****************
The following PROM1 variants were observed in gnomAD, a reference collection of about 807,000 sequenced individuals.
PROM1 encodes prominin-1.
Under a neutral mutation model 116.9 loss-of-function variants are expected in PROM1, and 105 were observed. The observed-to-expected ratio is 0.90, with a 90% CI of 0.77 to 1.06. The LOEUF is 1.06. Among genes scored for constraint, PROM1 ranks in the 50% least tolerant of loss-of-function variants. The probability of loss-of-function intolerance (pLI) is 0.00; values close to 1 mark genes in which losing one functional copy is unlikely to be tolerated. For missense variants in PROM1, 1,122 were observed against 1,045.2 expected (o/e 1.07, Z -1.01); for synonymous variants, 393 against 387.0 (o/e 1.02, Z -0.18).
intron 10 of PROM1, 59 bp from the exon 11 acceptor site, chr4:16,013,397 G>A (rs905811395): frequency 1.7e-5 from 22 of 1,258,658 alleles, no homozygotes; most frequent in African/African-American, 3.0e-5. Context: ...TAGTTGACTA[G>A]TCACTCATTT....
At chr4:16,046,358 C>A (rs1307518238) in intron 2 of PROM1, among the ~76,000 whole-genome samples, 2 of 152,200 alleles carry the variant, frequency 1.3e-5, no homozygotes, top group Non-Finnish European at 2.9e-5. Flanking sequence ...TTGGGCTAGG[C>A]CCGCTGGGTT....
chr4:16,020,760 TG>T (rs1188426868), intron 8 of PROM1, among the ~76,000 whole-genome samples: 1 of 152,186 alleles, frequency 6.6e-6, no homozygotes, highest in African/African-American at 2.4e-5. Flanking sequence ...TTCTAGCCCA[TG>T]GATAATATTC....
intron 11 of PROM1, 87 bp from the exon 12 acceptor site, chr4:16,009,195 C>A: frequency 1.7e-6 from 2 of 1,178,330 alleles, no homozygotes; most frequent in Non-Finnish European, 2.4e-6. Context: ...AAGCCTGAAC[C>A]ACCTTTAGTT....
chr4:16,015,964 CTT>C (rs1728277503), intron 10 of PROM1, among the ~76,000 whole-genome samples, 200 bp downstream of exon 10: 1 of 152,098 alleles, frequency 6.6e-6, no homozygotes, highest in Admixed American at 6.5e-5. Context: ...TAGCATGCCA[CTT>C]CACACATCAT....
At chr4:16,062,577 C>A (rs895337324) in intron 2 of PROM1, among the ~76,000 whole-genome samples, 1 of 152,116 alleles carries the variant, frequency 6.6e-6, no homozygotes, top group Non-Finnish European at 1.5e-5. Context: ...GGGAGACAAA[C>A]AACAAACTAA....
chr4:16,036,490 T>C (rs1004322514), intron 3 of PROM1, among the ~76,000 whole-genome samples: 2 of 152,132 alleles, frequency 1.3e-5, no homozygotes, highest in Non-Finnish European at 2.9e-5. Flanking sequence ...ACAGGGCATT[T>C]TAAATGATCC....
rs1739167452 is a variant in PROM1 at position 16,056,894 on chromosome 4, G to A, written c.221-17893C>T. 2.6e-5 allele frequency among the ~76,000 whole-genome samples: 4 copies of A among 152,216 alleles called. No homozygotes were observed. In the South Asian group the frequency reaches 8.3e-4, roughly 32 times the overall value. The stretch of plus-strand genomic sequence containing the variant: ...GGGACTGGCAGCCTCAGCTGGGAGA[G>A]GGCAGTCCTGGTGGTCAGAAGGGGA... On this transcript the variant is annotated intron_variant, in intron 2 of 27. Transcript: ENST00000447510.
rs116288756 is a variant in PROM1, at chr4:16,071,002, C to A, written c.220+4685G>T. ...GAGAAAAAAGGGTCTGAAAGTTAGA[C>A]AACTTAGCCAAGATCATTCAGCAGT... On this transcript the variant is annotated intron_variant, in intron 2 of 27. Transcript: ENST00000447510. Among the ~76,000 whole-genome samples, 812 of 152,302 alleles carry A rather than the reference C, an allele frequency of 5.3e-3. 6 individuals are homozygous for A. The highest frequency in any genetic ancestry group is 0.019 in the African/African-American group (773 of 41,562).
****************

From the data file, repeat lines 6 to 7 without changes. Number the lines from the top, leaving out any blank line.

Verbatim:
chr4:16,020,760 TG>T (rs1188426868), intron 8 of PROM1, among the ~76,000 whole-genome samples: 1 of 152,186 alleles, frequency 6.6e-6, no homozygotes, highest in African/African-American at 2.4e-5. Flanking sequence ...TTCTAGCCCA[TG>T]GATAATATTC....
intron 11 of PROM1, 87 bp from the exon 12 acceptor site, chr4:16,009,195 C>A: frequency 1.7e-6 from 2 of 1,178,330 alleles, no homozygotes; most frequent in Non-Finnish European, 2.4e-6. Context: ...AAGCCTGAAC[C>A]ACCTTTAGTT....